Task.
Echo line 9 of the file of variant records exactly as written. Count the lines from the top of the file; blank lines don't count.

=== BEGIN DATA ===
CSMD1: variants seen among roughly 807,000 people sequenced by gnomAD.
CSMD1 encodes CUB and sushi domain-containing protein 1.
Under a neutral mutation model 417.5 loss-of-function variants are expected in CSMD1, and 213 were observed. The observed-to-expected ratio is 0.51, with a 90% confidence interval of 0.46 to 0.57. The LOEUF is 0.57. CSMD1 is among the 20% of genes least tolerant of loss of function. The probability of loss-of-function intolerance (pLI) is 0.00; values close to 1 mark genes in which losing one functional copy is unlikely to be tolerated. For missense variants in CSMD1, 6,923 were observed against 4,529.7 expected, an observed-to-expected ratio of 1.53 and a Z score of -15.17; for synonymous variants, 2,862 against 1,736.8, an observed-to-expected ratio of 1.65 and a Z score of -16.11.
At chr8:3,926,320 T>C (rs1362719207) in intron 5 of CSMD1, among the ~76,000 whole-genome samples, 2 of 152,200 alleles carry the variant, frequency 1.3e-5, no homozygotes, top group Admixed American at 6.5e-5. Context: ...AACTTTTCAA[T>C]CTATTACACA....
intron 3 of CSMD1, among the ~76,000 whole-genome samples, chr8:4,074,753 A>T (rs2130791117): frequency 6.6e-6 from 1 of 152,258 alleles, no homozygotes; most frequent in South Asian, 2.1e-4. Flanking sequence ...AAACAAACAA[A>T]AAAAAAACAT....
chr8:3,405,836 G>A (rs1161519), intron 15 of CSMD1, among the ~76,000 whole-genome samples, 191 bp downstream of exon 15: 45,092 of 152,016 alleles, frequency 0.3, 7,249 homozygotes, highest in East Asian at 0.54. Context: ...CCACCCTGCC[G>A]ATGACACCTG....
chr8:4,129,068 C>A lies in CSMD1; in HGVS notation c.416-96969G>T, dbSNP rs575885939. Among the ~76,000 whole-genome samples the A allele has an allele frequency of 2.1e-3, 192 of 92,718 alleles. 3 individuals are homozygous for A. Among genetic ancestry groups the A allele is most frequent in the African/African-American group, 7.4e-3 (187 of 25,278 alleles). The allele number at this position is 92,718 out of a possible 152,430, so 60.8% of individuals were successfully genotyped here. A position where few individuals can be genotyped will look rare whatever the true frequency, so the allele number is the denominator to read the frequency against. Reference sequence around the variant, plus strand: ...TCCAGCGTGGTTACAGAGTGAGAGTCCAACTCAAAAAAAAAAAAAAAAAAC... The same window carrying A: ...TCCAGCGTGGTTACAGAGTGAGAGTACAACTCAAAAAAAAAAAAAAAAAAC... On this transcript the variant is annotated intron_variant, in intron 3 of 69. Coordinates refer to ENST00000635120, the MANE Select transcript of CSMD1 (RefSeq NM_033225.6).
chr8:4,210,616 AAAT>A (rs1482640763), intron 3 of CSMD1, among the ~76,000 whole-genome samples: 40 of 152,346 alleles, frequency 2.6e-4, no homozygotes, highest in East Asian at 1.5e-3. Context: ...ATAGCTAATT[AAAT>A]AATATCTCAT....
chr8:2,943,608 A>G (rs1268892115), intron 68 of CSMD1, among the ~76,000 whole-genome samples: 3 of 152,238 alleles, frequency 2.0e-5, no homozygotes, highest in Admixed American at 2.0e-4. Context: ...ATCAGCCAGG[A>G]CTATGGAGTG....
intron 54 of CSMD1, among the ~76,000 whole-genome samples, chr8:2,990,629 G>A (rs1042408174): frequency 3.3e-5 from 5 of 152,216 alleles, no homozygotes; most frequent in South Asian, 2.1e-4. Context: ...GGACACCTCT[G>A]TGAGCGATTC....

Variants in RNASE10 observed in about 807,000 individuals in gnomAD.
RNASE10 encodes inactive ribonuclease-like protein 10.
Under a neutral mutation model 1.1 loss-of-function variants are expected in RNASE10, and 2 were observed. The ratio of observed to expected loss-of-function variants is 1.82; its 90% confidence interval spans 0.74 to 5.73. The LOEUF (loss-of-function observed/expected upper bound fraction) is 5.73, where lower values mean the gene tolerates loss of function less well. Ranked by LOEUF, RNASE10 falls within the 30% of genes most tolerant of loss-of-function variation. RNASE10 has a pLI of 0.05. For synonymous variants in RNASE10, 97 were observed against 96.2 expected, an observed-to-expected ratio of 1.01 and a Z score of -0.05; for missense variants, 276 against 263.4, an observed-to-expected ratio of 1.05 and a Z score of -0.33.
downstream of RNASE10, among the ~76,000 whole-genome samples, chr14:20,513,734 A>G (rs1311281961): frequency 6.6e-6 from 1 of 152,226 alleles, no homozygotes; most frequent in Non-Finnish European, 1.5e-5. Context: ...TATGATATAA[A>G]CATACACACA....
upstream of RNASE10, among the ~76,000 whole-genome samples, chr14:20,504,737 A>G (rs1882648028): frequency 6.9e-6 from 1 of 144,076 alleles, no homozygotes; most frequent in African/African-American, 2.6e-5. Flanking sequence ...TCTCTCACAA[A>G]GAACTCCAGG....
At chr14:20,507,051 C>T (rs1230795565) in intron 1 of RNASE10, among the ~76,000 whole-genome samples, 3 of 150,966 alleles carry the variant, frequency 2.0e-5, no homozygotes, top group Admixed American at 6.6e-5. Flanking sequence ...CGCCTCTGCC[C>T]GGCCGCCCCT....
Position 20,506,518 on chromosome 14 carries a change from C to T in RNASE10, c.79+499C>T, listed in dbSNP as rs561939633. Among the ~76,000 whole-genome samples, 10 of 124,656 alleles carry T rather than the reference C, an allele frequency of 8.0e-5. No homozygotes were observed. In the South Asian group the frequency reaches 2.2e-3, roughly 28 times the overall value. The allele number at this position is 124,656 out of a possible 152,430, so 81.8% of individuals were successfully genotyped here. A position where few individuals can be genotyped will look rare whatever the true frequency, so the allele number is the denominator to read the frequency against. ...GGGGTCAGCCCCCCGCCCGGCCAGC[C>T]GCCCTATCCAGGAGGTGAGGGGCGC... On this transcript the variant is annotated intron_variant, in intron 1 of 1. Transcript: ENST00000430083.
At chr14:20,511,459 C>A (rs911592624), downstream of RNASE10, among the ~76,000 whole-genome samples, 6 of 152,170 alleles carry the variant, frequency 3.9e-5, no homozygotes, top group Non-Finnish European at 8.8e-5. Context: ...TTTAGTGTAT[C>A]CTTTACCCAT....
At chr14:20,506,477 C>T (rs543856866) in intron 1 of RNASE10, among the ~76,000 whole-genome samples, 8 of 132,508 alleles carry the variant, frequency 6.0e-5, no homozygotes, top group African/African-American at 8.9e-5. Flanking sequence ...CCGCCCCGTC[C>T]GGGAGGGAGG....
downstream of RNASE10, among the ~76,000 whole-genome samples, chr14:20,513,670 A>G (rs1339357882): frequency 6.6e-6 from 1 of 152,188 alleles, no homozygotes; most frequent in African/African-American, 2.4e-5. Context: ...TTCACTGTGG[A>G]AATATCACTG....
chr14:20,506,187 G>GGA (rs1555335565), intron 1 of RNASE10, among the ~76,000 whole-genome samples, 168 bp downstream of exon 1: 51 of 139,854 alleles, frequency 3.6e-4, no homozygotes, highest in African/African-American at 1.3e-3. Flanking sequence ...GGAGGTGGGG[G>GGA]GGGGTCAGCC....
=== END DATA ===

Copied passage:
chr8:2,943,608 A>G (rs1268892115), intron 68 of CSMD1, among the ~76,000 whole-genome samples: 3 of 152,238 alleles, frequency 2.0e-5, no homozygotes, highest in Admixed American at 2.0e-4. Context: ...ATCAGCCAGG[A>G]CTATGGAGTG....